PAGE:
During the summer, we run a day camp for five weeks.  Since the kids have no homework, we do field trips, art, gardening, sports, writing, reading, cooking, and more.  We have 75-80 kids and tons of volunteers.  A high school student in Moraga is providing a swimming field trip for us – she does all the fundraising and provides enough volunteer lifeguards to make our (mostly non-swimming) children safe. 

While we have a lot of fun with the students, there are some tough realities.  Like I said, many of the kids don’t get enough to eat at home, and some don’t have adequate or safe living spaces.  I have had to make child abuse reports and we have one little boy right now whose mom is in the hospital from domestic violence.  While we can’t change many of these situations, we can provide a safe place with caring staff.  From my time teaching, I’ve learned how to help the kids verbalize their feelings and talk with us about what they need and what is bothering them.  The children are incredibly supportive of each other as well and love to pray for and encourage each other.  A first-grader, Sophia, recently announced that she had no friends.  Within 10 seconds, she was surrounded by kindergartners and first graders who were loudly proclaiming how much they wanted to be her friend. 

There’s not a big staff at Harbor House.  My executive director, Kathy, and the facilities manager, Hector, are the only full-time staff.  I am 75% time, and the only person above 25 years old in the youth program staff.  However, everyone wears multiple hats.  Kathy jumps in whenever it’s needed and is the most supportive boss I’ve ever had.  Hector, who has a dramatic personal story about gangs and prison sentences before he became a Christian, is the surrogate dad for the kids and staff in the program, and is invaluable.  We have a volunteer bookkeeper and are hoping to hire a part-time development person soon.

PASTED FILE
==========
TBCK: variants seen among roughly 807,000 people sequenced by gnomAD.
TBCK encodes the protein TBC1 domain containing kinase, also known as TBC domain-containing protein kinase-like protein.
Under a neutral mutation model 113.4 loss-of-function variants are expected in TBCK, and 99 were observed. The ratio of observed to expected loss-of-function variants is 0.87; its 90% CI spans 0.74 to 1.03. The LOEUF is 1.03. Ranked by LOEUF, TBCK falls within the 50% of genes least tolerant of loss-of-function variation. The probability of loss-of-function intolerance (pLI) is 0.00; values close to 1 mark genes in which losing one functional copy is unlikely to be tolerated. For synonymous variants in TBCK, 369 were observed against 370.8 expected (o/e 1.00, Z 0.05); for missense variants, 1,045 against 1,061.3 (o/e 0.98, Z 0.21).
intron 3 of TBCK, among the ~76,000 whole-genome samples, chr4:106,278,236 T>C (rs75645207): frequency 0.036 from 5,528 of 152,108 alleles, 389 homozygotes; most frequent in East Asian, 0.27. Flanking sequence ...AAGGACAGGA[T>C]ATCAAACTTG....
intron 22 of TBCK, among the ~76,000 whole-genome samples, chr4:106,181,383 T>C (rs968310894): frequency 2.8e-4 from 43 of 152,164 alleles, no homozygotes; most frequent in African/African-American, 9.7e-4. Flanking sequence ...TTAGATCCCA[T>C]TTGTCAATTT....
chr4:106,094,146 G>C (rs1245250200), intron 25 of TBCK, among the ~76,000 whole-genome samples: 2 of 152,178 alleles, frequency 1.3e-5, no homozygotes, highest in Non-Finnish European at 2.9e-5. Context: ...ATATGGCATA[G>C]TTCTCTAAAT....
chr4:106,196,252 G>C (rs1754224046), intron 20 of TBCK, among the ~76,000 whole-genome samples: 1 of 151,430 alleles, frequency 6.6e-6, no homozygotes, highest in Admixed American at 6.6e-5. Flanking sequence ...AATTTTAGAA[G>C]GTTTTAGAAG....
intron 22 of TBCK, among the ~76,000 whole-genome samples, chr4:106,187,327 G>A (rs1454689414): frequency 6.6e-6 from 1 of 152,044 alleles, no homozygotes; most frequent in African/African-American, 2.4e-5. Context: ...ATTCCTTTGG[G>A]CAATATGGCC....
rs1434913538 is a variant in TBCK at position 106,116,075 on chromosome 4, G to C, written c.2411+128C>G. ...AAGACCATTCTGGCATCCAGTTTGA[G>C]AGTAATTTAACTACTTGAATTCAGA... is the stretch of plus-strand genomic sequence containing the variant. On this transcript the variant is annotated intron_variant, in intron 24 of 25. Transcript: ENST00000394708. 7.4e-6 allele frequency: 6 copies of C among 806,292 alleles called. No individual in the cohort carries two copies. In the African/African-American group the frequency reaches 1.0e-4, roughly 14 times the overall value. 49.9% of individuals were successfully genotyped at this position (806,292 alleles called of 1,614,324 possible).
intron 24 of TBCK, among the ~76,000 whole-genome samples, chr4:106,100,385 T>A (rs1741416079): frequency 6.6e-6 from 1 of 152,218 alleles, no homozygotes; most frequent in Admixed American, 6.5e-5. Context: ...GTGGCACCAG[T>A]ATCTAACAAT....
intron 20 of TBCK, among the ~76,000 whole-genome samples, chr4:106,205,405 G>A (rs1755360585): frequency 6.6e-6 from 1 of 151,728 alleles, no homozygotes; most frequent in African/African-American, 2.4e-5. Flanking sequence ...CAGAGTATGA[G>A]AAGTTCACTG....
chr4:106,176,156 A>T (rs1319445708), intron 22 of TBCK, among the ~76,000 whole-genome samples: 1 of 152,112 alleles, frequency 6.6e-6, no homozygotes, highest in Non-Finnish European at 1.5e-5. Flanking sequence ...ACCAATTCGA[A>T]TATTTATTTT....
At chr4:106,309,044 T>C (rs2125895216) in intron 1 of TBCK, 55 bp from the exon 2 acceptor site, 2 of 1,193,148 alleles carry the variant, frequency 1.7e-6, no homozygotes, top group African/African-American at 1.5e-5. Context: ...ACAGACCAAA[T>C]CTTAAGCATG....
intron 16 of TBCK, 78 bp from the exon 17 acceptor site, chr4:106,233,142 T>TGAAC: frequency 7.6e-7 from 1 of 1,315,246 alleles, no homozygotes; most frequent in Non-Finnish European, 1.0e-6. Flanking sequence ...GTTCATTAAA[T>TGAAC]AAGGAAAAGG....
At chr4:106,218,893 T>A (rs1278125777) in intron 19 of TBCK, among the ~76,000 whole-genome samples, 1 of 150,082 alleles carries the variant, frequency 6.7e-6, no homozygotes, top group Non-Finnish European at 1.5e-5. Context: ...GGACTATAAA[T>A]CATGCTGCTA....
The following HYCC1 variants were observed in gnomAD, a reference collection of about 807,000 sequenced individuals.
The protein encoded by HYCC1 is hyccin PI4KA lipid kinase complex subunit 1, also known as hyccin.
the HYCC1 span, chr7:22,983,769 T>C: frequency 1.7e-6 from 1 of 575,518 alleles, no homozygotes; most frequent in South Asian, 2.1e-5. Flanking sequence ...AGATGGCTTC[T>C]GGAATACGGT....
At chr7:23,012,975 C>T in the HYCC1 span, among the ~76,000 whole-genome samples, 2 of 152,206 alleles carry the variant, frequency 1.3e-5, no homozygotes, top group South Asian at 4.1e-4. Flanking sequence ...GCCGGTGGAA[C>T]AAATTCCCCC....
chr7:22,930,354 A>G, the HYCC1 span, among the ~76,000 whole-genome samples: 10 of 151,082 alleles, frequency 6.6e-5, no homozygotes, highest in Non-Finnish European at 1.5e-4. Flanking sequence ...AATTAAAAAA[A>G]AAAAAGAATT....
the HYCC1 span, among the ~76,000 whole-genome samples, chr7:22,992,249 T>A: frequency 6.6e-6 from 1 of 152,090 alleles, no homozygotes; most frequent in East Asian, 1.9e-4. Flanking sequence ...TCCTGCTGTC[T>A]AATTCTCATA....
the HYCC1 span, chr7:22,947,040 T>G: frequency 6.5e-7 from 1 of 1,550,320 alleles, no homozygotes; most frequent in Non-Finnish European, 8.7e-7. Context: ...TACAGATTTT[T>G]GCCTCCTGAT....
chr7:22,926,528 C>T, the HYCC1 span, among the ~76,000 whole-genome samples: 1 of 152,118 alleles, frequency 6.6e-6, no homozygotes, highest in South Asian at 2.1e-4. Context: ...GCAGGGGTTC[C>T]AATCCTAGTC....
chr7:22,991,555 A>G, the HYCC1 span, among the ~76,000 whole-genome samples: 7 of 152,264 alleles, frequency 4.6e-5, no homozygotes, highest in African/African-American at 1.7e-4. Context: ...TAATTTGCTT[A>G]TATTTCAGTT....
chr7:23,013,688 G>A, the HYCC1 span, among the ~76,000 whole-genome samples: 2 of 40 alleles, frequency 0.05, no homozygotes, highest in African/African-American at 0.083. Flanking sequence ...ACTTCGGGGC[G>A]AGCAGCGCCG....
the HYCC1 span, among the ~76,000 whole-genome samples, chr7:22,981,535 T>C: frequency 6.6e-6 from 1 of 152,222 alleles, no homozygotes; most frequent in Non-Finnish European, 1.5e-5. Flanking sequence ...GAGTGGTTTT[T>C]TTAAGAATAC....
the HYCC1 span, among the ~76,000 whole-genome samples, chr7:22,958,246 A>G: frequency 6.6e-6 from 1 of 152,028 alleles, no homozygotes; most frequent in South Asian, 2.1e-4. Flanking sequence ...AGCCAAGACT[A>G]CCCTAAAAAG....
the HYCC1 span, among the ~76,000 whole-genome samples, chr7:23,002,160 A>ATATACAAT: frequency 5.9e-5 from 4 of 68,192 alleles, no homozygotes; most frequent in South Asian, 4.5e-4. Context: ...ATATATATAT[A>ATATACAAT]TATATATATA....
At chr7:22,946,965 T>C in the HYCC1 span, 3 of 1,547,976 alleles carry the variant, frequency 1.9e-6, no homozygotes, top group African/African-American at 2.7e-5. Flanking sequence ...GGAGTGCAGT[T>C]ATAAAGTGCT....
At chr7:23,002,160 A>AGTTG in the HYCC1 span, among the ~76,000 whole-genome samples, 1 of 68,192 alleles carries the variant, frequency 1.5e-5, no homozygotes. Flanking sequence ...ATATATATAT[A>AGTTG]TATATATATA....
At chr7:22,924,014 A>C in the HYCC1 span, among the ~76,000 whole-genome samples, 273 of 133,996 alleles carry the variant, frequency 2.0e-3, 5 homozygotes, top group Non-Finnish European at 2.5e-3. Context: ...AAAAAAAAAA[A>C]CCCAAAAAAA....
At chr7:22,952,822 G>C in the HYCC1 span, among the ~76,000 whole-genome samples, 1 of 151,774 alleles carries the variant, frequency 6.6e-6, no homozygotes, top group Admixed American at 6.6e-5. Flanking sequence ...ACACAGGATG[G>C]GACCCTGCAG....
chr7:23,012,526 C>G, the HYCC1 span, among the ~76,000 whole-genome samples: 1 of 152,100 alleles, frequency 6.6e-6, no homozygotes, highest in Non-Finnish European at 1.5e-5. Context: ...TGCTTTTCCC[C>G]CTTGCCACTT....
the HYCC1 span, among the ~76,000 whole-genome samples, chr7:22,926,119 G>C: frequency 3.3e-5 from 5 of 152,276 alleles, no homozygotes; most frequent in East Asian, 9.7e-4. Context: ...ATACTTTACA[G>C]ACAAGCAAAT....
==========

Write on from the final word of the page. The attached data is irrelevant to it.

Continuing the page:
We have many volunteer opportunities: for people who enjoy kids, who enjoy being behind the scenes, anyone who is interested in development, one-time volunteer opportunities, and regular opportunities.  Volunteers help run our clubs, help tutor students individually, and provide supplies like crafts, art, knitting needles, and books.  The program is supported through a combination of very few government and foundation grants, church donations, and mostly individual gifts.  We are always looking for more financial support and our program is extremely effective; one of the most direct ways to impact underprivileged children’s lives that I’ve seen yet.

I have been working with at-risk kids for almost 18 years now and I’ve never been so happy or encouraged to be a part of a program.  I'm really excited to bring our stories to you!